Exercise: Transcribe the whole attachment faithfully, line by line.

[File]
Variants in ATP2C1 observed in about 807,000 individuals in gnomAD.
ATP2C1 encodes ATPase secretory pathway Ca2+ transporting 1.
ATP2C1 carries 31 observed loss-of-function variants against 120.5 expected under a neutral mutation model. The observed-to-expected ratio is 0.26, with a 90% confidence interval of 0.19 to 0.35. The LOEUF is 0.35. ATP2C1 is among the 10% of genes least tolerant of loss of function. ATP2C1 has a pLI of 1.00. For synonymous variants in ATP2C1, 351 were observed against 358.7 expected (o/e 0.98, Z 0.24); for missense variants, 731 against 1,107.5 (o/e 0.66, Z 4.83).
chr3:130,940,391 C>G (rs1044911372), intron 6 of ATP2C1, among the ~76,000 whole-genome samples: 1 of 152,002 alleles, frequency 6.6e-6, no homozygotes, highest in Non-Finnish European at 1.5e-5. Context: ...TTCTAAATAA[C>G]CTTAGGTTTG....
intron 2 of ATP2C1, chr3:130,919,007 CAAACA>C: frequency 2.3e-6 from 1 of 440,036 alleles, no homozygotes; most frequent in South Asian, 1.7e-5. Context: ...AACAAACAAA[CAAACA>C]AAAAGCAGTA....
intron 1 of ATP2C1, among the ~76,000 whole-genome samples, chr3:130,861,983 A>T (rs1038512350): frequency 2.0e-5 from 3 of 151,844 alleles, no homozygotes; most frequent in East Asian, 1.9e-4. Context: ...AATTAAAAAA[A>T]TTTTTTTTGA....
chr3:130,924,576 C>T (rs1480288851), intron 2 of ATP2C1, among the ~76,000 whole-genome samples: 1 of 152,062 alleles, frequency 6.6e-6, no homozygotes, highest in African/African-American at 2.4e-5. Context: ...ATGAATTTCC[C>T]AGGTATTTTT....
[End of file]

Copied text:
Variants in ATP2C1 observed in about 807,000 individuals in gnomAD.
ATP2C1 encodes ATPase secretory pathway Ca2+ transporting 1.
ATP2C1 carries 31 observed loss-of-function variants against 120.5 expected under a neutral mutation model. The observed-to-expected ratio is 0.26, with a 90% confidence interval of 0.19 to 0.35. The LOEUF is 0.35. ATP2C1 is among the 10% of genes least tolerant of loss of function. ATP2C1 has a pLI of 1.00. For synonymous variants in ATP2C1, 351 were observed against 358.7 expected (o/e 0.98, Z 0.24); for missense variants, 731 against 1,107.5 (o/e 0.66, Z 4.83).
chr3:130,940,391 C>G (rs1044911372), intron 6 of ATP2C1, among the ~76,000 whole-genome samples: 1 of 152,002 alleles, frequency 6.6e-6, no homozygotes, highest in Non-Finnish European at 1.5e-5. Context: ...TTCTAAATAA[C>G]CTTAGGTTTG....
intron 2 of ATP2C1, chr3:130,919,007 CAAACA>C: frequency 2.3e-6 from 1 of 440,036 alleles, no homozygotes; most frequent in South Asian, 1.7e-5. Context: ...AACAAACAAA[CAAACA>C]AAAAGCAGTA....
intron 1 of ATP2C1, among the ~76,000 whole-genome samples, chr3:130,861,983 A>T (rs1038512350): frequency 2.0e-5 from 3 of 151,844 alleles, no homozygotes; most frequent in East Asian, 1.9e-4. Context: ...AATTAAAAAA[A>T]TTTTTTTTGA....
chr3:130,924,576 C>T (rs1480288851), intron 2 of ATP2C1, among the ~76,000 whole-genome samples: 1 of 152,062 alleles, frequency 6.6e-6, no homozygotes, highest in African/African-American at 2.4e-5. Context: ...ATGAATTTCC[C>T]AGGTATTTTT....